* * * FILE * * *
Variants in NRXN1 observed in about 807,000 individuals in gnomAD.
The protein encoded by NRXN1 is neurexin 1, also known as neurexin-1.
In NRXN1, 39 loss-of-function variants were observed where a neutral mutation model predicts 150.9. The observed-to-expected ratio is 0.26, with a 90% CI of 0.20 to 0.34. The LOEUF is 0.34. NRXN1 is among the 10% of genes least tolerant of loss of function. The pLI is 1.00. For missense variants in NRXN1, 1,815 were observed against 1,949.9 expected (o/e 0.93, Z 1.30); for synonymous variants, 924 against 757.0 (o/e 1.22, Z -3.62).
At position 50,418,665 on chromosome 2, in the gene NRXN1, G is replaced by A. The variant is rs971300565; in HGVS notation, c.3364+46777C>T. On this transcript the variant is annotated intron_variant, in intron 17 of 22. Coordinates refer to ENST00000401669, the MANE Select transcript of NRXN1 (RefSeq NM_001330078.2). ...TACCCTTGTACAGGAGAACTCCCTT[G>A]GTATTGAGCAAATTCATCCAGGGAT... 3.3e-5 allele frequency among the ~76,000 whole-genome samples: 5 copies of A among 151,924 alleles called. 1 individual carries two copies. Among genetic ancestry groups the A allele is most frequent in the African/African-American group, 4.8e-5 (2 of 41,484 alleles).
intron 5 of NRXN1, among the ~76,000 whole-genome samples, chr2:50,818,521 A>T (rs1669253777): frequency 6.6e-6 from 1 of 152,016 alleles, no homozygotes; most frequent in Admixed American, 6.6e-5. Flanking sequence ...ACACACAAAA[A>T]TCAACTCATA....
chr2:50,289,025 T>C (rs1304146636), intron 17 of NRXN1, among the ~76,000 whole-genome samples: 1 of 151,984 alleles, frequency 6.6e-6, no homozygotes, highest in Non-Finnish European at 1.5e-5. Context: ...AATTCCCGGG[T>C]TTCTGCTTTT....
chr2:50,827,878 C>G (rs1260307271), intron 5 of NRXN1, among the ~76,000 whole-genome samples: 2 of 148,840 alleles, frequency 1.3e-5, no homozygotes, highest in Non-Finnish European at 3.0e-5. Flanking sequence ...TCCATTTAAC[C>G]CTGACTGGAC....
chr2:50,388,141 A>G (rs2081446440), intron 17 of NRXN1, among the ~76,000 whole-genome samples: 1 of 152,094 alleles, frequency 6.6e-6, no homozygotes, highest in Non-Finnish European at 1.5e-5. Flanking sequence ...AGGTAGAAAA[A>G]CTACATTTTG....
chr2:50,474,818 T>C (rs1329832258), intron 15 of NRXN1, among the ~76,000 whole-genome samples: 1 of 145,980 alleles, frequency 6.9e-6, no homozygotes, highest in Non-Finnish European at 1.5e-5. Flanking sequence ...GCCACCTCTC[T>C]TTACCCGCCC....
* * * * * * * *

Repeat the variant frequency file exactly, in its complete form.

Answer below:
Variants in NRXN1 observed in about 807,000 individuals in gnomAD.
The protein encoded by NRXN1 is neurexin 1, also known as neurexin-1.
In NRXN1, 39 loss-of-function variants were observed where a neutral mutation model predicts 150.9. The observed-to-expected ratio is 0.26, with a 90% CI of 0.20 to 0.34. The LOEUF is 0.34. NRXN1 is among the 10% of genes least tolerant of loss of function. The pLI is 1.00. For missense variants in NRXN1, 1,815 were observed against 1,949.9 expected (o/e 0.93, Z 1.30); for synonymous variants, 924 against 757.0 (o/e 1.22, Z -3.62).
At position 50,418,665 on chromosome 2, in the gene NRXN1, G is replaced by A. The variant is rs971300565; in HGVS notation, c.3364+46777C>T. On this transcript the variant is annotated intron_variant, in intron 17 of 22. Coordinates refer to ENST00000401669, the MANE Select transcript of NRXN1 (RefSeq NM_001330078.2). ...TACCCTTGTACAGGAGAACTCCCTT[G>A]GTATTGAGCAAATTCATCCAGGGAT... 3.3e-5 allele frequency among the ~76,000 whole-genome samples: 5 copies of A among 151,924 alleles called. 1 individual carries two copies. Among genetic ancestry groups the A allele is most frequent in the African/African-American group, 4.8e-5 (2 of 41,484 alleles).
intron 5 of NRXN1, among the ~76,000 whole-genome samples, chr2:50,818,521 A>T (rs1669253777): frequency 6.6e-6 from 1 of 152,016 alleles, no homozygotes; most frequent in Admixed American, 6.6e-5. Flanking sequence ...ACACACAAAA[A>T]TCAACTCATA....
chr2:50,289,025 T>C (rs1304146636), intron 17 of NRXN1, among the ~76,000 whole-genome samples: 1 of 151,984 alleles, frequency 6.6e-6, no homozygotes, highest in Non-Finnish European at 1.5e-5. Context: ...AATTCCCGGG[T>C]TTCTGCTTTT....
chr2:50,827,878 C>G (rs1260307271), intron 5 of NRXN1, among the ~76,000 whole-genome samples: 2 of 148,840 alleles, frequency 1.3e-5, no homozygotes, highest in Non-Finnish European at 3.0e-5. Flanking sequence ...TCCATTTAAC[C>G]CTGACTGGAC....
chr2:50,388,141 A>G (rs2081446440), intron 17 of NRXN1, among the ~76,000 whole-genome samples: 1 of 152,094 alleles, frequency 6.6e-6, no homozygotes, highest in Non-Finnish European at 1.5e-5. Flanking sequence ...AGGTAGAAAA[A>G]CTACATTTTG....
chr2:50,474,818 T>C (rs1329832258), intron 15 of NRXN1, among the ~76,000 whole-genome samples: 1 of 145,980 alleles, frequency 6.9e-6, no homozygotes, highest in Non-Finnish European at 1.5e-5. Flanking sequence ...GCCACCTCTC[T>C]TTACCCGCCC....